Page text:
Note that in all of this, there’s no preferred direction to evolution. An environment growing hotter will mitigate against thick hair, an environment growing colder will promote thick hair, not by some mysterious influence, but because the animals with the right traits will survive and the others won’t. Humans evolving depended on a long series of contingent events which could have gone other ways. (Which doesn’t necessarily mean that nothing human-like would ever have arisen aside from those events, just that our particular chain of descent, like any other such chain, is improbable viewed from its endpoint.)

    Hope this helps. For a treatment in greater depth, I recommend Edey and Johansson’s “Blueprints” (1989). There’s a silly first chapter where they try to deal with theological objections to evolution, but if you ignore that there’s a lot of good explanation in the book. Dawkins’s stuff is also helpful if you can stomach his constant anti-theist remarks. An introductory evolutionary biology text from a college biology department might be more helpful than either.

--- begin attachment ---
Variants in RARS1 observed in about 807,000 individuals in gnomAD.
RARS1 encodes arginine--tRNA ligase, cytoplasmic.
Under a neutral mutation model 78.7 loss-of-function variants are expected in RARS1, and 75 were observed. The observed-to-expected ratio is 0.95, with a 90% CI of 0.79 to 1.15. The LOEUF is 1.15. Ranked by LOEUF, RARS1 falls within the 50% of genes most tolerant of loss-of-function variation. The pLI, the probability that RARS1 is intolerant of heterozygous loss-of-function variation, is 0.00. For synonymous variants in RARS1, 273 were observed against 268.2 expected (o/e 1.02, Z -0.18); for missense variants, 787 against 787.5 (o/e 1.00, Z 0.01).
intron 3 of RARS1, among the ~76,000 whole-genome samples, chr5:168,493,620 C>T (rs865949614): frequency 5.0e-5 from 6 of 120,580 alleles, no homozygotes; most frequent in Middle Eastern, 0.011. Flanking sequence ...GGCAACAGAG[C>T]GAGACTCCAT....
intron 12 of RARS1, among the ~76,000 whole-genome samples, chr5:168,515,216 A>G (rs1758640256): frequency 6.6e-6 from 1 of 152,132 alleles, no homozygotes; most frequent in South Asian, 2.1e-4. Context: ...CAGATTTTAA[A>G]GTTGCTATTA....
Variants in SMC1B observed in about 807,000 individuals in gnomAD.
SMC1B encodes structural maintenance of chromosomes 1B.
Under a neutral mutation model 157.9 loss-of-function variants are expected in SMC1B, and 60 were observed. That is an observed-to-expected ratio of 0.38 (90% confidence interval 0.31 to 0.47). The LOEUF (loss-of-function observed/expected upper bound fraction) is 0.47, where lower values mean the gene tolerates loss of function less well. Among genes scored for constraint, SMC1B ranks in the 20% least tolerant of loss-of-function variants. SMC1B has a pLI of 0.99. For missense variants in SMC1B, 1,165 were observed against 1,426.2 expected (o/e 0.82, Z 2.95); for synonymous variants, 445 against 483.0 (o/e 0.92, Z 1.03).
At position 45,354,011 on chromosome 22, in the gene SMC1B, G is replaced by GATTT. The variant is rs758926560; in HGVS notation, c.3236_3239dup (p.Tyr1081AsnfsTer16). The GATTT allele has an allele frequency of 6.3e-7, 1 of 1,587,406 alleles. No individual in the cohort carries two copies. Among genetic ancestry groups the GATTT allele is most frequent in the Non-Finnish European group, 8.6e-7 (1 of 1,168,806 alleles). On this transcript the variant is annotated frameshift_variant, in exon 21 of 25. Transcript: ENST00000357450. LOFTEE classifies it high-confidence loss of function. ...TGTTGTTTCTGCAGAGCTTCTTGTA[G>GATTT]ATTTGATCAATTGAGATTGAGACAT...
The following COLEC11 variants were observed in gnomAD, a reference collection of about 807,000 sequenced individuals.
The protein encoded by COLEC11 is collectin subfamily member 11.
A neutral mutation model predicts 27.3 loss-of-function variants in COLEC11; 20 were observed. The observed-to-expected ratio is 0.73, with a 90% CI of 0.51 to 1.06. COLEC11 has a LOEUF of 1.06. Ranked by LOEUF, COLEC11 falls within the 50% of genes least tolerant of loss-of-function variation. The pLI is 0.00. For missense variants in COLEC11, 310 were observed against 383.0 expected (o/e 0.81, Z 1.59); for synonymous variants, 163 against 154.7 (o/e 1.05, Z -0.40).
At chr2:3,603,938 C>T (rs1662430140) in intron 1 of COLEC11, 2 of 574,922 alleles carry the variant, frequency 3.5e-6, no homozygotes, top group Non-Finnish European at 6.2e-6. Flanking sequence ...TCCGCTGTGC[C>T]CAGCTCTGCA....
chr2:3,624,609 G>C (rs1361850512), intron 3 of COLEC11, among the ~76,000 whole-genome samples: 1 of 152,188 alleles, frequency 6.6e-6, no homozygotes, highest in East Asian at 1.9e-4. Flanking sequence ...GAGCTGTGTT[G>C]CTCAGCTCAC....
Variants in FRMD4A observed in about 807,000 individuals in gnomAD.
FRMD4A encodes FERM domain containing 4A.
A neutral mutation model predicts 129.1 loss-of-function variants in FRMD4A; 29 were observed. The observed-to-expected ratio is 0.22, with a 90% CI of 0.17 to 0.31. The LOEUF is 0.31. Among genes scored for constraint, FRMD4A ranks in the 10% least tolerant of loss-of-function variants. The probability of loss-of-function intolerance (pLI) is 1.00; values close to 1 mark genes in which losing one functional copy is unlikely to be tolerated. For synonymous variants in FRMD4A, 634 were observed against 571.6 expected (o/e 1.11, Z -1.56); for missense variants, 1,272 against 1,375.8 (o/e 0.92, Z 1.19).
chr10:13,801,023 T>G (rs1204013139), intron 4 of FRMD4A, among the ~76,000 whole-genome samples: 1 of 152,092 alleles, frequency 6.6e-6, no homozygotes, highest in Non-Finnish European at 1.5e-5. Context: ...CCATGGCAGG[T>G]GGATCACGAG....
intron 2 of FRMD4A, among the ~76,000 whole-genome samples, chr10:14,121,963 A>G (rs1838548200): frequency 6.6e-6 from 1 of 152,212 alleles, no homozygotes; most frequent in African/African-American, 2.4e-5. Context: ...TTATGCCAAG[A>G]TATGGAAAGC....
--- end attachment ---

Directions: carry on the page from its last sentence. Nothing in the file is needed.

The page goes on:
13. If the human couple is not careful, I should have said. From the evolutionary point of view, they are successful if they have a dozen kids.

  14. SF Reader

    Kent, are you being serious? Are you foolish enough to believe that the entire African continent is a single homogeneous environment? We still have lemurs because Madagascar isn’t attached to Africa anymore. We have more than a few relict marsupials because Australia has been disconnected from everything else for millions of years.

    We still have monkeys because our ancestors left the monkeys’ environment. The monkeys kept evolving to fit their environment, our ancestors evolved to survive better in the new one they moved into. Or vice versa.

    Yeah, yeah, don’t feed the trolls…